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3 Reasons Why Studying History is Valuable (and Fun… Seriously, It Can Be Fun!)

Mar 27, 2017

Unfortunate Misconceptions

Some people believe that the study of history is boring, that it is simply memorizing tedious details about people who lived long ago that have no impact on life today. This is not true! Not only can history be an exciting exploration into the events and ideas that have helped shape our world, studying history can also benefit a student in three key ways that you may not have considered.


Three Ways Studying History Helps You in Other Areas

  1. studying historyEverything has a history

A solid foundation in the study of history provides insights into every other academic subject, because everything has a history! When you study chemistry or music or English, knowing the past helps explain how we got to where we are today. Studying history can help you become a better student of art, German, math… just about any subject you can think of.

  1. Studying history requires critical thinking

When I was in graduate school, our professors told us that when they were making decisions about which students should be admitted, they placed the most emphasis on the analytical reasoning sections of the GRE (Graduate Record Examinations). History is not just reading about the past; it involves using information to analyze and evaluate different sources, to develop a thesis, and to express your thesis clearly and logically. To be a good historian, one must think deeply and critically.

  1. History teaches us about God, the world, and ourselves

When studying history from a Biblical worldview, we can see God’s redemptive plan for the world unfolding. One word of caution: this does not mean that God controls events simply to favor one group over another. We must consider the bigger picture. A better way to look at this is to study history in order to see how God’s hand is at work to accomplish His grand plan. When we study history, we see that God is working His purposes out, not only in history, but also in each one of us.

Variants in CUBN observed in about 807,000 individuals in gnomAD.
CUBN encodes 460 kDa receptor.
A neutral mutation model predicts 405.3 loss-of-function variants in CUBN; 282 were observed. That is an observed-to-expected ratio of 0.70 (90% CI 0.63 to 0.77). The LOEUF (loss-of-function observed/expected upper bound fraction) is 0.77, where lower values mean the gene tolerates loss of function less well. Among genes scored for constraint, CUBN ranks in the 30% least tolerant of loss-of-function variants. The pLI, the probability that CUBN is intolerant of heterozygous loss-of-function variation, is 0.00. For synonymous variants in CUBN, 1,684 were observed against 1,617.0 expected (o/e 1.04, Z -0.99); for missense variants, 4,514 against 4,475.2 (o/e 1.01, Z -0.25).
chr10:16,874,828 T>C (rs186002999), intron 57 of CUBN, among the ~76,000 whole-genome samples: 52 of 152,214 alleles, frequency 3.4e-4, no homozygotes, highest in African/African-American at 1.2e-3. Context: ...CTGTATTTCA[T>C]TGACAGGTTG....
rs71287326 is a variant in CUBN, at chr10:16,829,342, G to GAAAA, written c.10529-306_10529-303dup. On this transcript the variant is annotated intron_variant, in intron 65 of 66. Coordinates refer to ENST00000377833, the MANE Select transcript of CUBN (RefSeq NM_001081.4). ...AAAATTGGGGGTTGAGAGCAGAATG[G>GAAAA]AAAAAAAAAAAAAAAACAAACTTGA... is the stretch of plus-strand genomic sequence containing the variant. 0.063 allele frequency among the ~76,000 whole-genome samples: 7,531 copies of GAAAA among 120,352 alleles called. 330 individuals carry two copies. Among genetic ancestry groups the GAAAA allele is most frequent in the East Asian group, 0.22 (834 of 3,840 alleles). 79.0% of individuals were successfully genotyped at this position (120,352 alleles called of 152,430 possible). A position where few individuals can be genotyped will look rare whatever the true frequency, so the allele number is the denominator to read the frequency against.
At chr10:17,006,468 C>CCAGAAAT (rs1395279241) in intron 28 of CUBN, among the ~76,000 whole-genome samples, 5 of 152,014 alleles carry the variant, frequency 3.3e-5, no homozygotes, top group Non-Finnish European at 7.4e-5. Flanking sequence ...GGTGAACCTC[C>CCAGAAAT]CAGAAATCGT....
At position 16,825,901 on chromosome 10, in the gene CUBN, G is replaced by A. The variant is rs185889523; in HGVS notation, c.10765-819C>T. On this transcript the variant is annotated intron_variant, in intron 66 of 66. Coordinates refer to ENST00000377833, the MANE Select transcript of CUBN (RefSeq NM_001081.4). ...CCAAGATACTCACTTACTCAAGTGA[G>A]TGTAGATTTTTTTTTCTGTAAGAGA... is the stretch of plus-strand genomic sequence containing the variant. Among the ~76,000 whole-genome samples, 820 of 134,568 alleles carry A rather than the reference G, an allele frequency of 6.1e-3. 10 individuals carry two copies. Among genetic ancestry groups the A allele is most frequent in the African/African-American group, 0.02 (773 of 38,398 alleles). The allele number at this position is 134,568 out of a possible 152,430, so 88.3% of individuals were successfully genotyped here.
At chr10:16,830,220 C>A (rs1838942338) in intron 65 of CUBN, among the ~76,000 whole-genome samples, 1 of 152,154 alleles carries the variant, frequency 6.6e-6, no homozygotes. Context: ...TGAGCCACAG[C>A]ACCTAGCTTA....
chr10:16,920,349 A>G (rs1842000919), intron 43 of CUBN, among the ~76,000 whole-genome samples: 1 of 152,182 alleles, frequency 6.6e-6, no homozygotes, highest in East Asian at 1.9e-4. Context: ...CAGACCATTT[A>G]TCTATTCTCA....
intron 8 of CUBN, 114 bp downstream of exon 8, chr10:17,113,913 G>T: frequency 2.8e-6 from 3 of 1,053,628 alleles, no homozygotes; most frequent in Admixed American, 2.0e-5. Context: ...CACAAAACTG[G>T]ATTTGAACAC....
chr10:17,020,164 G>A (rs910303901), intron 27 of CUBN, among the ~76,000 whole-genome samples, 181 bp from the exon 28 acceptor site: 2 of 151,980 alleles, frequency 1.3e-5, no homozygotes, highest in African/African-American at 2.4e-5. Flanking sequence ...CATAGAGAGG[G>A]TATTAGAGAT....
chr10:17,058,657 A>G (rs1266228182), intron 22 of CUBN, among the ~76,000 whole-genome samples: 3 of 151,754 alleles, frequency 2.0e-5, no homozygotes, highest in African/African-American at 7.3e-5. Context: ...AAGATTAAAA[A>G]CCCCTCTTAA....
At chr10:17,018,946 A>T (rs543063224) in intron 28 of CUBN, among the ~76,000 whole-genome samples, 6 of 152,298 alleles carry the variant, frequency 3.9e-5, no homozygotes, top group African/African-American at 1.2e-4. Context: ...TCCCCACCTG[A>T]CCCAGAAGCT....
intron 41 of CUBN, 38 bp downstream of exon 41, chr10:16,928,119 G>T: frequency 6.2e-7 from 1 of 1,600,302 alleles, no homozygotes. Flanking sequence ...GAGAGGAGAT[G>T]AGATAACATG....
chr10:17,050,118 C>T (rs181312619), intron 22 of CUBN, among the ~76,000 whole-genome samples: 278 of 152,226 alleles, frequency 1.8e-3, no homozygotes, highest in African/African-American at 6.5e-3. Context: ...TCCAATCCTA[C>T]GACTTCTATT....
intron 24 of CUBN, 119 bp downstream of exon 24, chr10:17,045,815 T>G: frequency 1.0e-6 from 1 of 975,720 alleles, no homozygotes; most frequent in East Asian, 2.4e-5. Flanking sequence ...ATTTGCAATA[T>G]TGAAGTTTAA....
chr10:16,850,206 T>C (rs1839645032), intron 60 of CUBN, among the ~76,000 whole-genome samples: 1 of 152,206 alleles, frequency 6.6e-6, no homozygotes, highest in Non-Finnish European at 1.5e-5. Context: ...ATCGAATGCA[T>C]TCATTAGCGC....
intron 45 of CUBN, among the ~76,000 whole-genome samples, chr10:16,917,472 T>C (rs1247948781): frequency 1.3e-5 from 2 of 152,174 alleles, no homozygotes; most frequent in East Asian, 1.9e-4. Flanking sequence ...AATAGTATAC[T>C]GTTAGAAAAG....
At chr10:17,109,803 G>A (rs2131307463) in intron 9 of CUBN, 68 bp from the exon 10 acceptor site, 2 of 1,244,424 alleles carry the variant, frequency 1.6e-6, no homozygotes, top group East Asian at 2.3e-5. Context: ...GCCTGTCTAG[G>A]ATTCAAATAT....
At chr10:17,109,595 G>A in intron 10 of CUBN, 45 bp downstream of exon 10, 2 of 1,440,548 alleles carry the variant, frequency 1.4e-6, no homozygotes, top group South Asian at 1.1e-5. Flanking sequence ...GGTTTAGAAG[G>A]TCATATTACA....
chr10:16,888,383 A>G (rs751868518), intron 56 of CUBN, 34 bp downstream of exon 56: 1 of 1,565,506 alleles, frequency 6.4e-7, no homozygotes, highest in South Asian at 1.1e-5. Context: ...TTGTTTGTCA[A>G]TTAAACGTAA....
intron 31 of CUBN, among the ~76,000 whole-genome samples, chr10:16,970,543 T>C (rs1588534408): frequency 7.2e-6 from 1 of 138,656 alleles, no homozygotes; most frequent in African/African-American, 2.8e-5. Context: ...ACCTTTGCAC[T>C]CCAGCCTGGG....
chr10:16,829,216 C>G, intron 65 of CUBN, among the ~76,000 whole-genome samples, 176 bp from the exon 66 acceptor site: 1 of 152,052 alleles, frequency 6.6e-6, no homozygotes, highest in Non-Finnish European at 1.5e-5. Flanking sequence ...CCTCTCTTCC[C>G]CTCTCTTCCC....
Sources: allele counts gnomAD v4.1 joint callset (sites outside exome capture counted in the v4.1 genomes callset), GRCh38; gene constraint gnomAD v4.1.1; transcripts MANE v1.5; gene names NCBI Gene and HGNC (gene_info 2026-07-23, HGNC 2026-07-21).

Whether you are taking a history class online with one of our wonderful Excelsior teachers or with a local co-op or at home, look for those connections between history and other disciplines, exercise your critical thinking skills, and ponder how God is at work. And have fun! Seriously!


For further information about historical research and writing, several universities offer online help. Two places you might visit are the University of Iowa’s History Writing Center and Writing Historical Essays: A Guide for Undergraduates by the Rutgers University Department of History.

Although only a small percentage of the world’s cultural heritage has been preserved on the internet, as long as you visit reputable sites, it can be a wonderful source for documents and historical writings. I have compiled a short list of websites that have primary source material for historical research. Download a copy here.

Free Downloadable!

Make sure to download Susan’s compilation of Primary Sources Online!Save


Susan Eggers loves learning about the past and the people of our world, and sharing that love with her students.  She attended Wake Forest University as a William Louis Poteat scholar, where she earned her B. A. in History, graduating magna cum laude.  Continuing her studies at the University of North Carolina at Chapel Hill, she received her M. A. in Russian history and completed additional hours of graduate coursework toward a Ph. D.  While in graduate school, Susan received grants to conduct research in the Lenin Library and the Russian State Archive of Literature and Art in Moscow, the National Library and the Russian State Historical Archive in St. Petersburg, the Slavic and East European Library at the University of Illinois, and the Library of Congress in Washington, D.C.  She has presented conference papers across the country and has published several articles on Russian history.

The thoughts and opinions expressed are those of the author and should not be taken to represent the views of Excelsior Classes, LLC or the consortium of teachers.